Earlier this year, Net-a-Porter debuted a glossy print magazine, Porter, to rival the world’s best fashion magazines in quality and star-power — Gisele Bündchen graced its first cover. Gilt Groupe’s DuJour and Saturdays Magazine have also entered the publishing game with surprising success.
The opportunity is available to smaller brands as well. Zingerman’s Deli publishes Zingerman’s Guide to Good Eating a cookbook that teaches everyday people how to become foodies. The cookbook is aligned with Zingerman’s own vision for being a source of great food and great experiences.
Other brands build value and premium by telling – and selling – their story.
For example, Brunello Cucinelli created a humanistic enterprise in Solomeo, a medieval village in Italy. Shinola#, a brand also coming from the analog world is baking the story into its product. Shinola is a manufacturer operating in Detroit, with its primary product a wristwatch, something no one needs in the era of smartphones. The brand’s product and its behaviors are the story, and the story in turn forms the baseline for its marketing.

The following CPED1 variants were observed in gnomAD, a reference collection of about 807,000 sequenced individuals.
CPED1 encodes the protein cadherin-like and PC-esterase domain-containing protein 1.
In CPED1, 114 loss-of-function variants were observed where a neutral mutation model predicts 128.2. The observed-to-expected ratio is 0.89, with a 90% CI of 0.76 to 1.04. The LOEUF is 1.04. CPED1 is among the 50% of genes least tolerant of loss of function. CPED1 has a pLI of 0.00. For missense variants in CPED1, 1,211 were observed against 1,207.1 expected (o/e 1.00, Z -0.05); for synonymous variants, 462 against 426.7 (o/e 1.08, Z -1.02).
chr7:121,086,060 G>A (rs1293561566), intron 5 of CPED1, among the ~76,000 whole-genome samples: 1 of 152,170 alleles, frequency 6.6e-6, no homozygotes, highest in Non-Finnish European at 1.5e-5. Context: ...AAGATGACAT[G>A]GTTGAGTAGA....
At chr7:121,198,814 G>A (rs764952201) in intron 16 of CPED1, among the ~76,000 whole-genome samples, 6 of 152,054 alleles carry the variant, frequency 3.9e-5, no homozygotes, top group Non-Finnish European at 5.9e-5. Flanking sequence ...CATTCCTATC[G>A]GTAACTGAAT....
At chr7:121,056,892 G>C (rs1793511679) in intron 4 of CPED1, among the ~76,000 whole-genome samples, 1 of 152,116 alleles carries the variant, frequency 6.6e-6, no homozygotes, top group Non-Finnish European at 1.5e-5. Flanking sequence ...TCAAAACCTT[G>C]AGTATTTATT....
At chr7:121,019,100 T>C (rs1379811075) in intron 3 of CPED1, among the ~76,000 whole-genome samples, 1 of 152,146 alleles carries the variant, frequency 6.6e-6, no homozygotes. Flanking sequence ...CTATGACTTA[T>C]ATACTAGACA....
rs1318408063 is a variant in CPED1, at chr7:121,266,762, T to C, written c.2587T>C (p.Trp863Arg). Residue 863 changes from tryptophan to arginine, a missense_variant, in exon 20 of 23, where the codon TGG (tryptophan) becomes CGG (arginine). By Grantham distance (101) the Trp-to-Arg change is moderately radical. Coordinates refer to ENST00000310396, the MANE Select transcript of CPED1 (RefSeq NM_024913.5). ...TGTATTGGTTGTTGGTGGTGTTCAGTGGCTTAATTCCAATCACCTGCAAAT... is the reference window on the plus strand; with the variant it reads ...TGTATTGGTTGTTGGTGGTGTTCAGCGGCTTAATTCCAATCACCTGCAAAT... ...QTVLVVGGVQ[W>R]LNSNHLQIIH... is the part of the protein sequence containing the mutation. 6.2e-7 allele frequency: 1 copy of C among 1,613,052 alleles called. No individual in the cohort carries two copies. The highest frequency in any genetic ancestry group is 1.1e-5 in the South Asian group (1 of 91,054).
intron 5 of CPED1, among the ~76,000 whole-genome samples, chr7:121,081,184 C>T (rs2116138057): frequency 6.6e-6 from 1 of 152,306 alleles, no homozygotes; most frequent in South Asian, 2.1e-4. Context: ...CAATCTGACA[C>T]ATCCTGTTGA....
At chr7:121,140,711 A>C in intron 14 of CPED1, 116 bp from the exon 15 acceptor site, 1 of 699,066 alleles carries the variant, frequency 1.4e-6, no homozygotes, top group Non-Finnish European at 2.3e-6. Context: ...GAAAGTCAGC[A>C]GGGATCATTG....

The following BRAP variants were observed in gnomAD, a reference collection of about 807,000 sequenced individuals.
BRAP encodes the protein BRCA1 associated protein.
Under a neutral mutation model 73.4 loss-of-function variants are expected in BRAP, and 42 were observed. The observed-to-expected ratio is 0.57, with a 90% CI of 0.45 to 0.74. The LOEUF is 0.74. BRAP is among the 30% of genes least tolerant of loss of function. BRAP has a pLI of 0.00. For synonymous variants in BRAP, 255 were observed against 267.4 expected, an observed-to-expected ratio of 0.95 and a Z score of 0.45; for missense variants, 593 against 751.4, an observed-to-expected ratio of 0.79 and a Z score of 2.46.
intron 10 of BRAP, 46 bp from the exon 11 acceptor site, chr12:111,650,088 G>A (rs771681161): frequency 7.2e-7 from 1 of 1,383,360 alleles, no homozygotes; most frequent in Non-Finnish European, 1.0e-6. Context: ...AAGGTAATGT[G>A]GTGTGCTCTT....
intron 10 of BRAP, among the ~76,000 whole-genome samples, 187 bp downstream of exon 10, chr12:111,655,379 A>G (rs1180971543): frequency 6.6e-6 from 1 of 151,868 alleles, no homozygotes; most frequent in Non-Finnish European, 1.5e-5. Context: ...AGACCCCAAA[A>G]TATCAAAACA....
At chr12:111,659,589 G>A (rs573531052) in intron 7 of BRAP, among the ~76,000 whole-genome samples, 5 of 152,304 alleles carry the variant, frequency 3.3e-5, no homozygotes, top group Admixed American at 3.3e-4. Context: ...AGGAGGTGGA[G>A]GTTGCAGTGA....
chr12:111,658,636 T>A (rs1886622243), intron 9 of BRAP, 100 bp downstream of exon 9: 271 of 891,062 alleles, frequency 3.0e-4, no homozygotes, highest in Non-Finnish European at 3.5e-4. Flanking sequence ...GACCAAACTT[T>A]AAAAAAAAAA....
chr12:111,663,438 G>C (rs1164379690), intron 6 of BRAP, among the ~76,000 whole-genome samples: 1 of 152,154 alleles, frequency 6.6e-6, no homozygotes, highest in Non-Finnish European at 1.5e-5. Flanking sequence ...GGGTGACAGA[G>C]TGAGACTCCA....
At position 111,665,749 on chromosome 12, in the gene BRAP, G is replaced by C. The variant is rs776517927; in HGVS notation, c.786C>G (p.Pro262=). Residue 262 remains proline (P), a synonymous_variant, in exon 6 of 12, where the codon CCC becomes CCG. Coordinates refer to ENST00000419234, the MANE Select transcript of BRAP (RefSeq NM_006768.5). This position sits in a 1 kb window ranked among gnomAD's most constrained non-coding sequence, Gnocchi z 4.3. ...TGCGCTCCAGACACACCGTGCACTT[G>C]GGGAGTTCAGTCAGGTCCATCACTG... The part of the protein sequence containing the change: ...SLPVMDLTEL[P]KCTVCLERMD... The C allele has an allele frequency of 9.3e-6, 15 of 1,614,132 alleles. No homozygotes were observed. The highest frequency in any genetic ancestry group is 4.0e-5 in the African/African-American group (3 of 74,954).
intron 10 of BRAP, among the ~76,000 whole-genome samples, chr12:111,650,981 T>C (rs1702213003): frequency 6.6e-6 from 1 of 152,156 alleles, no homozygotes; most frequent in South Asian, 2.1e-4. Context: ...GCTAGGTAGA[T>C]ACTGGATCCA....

From the first catalog on, successful retail brands have demonstrated an understanding of what moves product: content consumption drives behavior.
Ecommerce brought about the evolution of that understanding online and then into social, where participation drives behavior and savvy marketers know where and how to time promotions. For example, Pinterest tripled revenue for some online retailers on Cyber Monday while Facebook converted sales at nearly four times the rate of Pinterest.
Over time, renting attention can become more expensive
The currency of the web may be content; the currency of modern times is attention. Each person has only 1,440 minutes per day and chooses how to spend them and with whom to live that experience.
In a day and age when there are enough products to go around, even product companies are in the business of delivering service and experience as differentiating factor.